Wealth is a common thread in the trustee roster. About a dozen are billionaires, including developer Ed Roski; Miriam Adelson, an addiction specialist and the wife of casino owner Sheldon Adelson; Salesforce Chief Executive Marc Benioff; and Tamara Hughes Gustavson, the daughter of Public Storage Inc. co-founder B. Wayne Hughes.
Some on the board are USC alums, such as Benioff, construction magnate Ronald Tutor, and David Bohnett, a philanthropist and technology investor.
Over the years, more international figures have joined the ranks, including the head of Korean Air, Yang Ho Cho; Indian industrialist Ratan N. Tata; and Wenxue Wang, a Chinese developer.
The trustees’ public silence is not surprising, nonprofit governance experts said — many boards choose to speak with a unified voice during investigations, especially when information is still coming out.
But the trustees should internally be examining their practices and communications, said Cathleen Kaveny, a Boston College professor who specializes in law, ethics and medical ethics.
“The board can’t let itself off the hook. This is a question of trustee ethics,” Kaveny said. “A healthy board is going to ask itself: ‘Have we participated in the creation of a culture where the most egregious ethical lapses are ignored because the money is coming in?’ ”
Nikias announced last month that the university was hiring a former federal prosecutor, Debra Wong Yang, to lead the outside investigation. USC would not say whether it was the board or Nikias who selected Yang.
In response to questions about who made the choice and who would oversee the investigation, Mork released another statement to The Times on Monday. In it he wrote that the president and top administration officials “regularly engage with the board’s executive committee to provide updates and seek advice on important matters related to the university.”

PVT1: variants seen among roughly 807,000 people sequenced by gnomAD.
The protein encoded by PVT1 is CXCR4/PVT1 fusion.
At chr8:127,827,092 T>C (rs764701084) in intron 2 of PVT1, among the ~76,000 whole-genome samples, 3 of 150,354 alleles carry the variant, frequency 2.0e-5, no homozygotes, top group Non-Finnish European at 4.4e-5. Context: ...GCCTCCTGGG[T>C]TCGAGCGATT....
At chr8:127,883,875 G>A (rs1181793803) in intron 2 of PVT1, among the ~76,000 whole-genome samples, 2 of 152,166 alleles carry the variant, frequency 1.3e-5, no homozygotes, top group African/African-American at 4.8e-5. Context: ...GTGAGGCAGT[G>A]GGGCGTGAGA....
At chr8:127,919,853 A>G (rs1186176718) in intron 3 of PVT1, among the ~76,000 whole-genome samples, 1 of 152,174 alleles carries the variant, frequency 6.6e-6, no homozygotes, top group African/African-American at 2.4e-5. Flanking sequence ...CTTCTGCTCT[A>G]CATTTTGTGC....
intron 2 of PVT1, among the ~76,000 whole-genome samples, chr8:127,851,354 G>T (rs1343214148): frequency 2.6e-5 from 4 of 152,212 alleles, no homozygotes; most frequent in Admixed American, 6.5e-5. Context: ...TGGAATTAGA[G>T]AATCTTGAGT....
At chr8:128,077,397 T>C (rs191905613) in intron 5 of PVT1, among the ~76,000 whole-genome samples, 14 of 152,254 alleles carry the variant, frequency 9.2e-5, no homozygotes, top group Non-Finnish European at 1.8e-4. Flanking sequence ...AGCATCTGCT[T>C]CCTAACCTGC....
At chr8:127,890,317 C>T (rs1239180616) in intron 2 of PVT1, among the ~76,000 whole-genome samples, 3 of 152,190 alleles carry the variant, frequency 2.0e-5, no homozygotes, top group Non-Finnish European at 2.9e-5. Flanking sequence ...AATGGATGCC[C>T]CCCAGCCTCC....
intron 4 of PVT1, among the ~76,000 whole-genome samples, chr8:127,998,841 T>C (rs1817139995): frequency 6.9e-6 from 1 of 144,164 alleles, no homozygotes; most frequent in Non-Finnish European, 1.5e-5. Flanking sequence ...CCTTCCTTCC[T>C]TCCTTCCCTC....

Nikias said in his July 21 letter to the USC community that Yang will report “findings and recommendations” to the executive committee.
Yang has close ties to USC and served as the university’s attorney in at least four court cases.
Among the questions Yang is likely to examine: What did top administrators know about Puliafito’s problems while he was leading the medical school?
Current and former university employees told The Times that in 2012 when the university was deciding whether to give Puliafito another term, they complained repeatedly about what they considered Puliafito’s hair-trigger temper, public humiliation of colleagues and perceived drinking problem, and many were adamant he should be removed.
Still, Nikias opted to reappoint Puliafito, giving him a new fiveyear term with an annual salary of more than $1 million.
In March 2016, the then-dean was with a 21-year-old woman in a Pasadena hotel room when she overdosed.
A witness to the overdose phoned Nikias’ office 10 days later and threatened to go to the media if the school didn’t take action against the dean. In a letter to the campus community released July 28 — 11 days after The Times broke the story — Nikias said that two receptionists who spoke to the witness did not find the report credible and did not pass it on to supervisors.
A week and a half after the witness called Nikias’ office, Puliafito resigned. The Harvard-trained ophthalmologist was allowed to continue seeing patients at USC clinics, represent the university at official functions and remain on the faculty.
Governance and ethics experts said Nikias’ role on the board deserves scrutiny.
Kirk Hanson, the executive director of the Markkula Center for Applied Ethics at Santa Clara University, said it is not uncommon for a president to serve as a voting member of a board. But if assessing his actions is part of the investigation, Hanson said, Nikias should recuse himself.
“It would be best practice to have the board supervise the investigation and discuss findings without him present,” Hanson said.
A USC spokesman declined to say whether Nikias would recuse himself or whether the results of the investigation would be made public.
Poliakoff said USC might help itself by being transparent in the process.
“Secrecy is something that needs to have a compelling justification,” Poliakoff said. “And when an institution has been in such a reputational crisis as USC is currently experiencing, sunshine is indeed … the best disinfectant.”
THE USC campus at dusk. Composed of 57 voting members, the school’s board of trustees includes philanthropists, alumni, Hollywood insiders and industrial tycoons.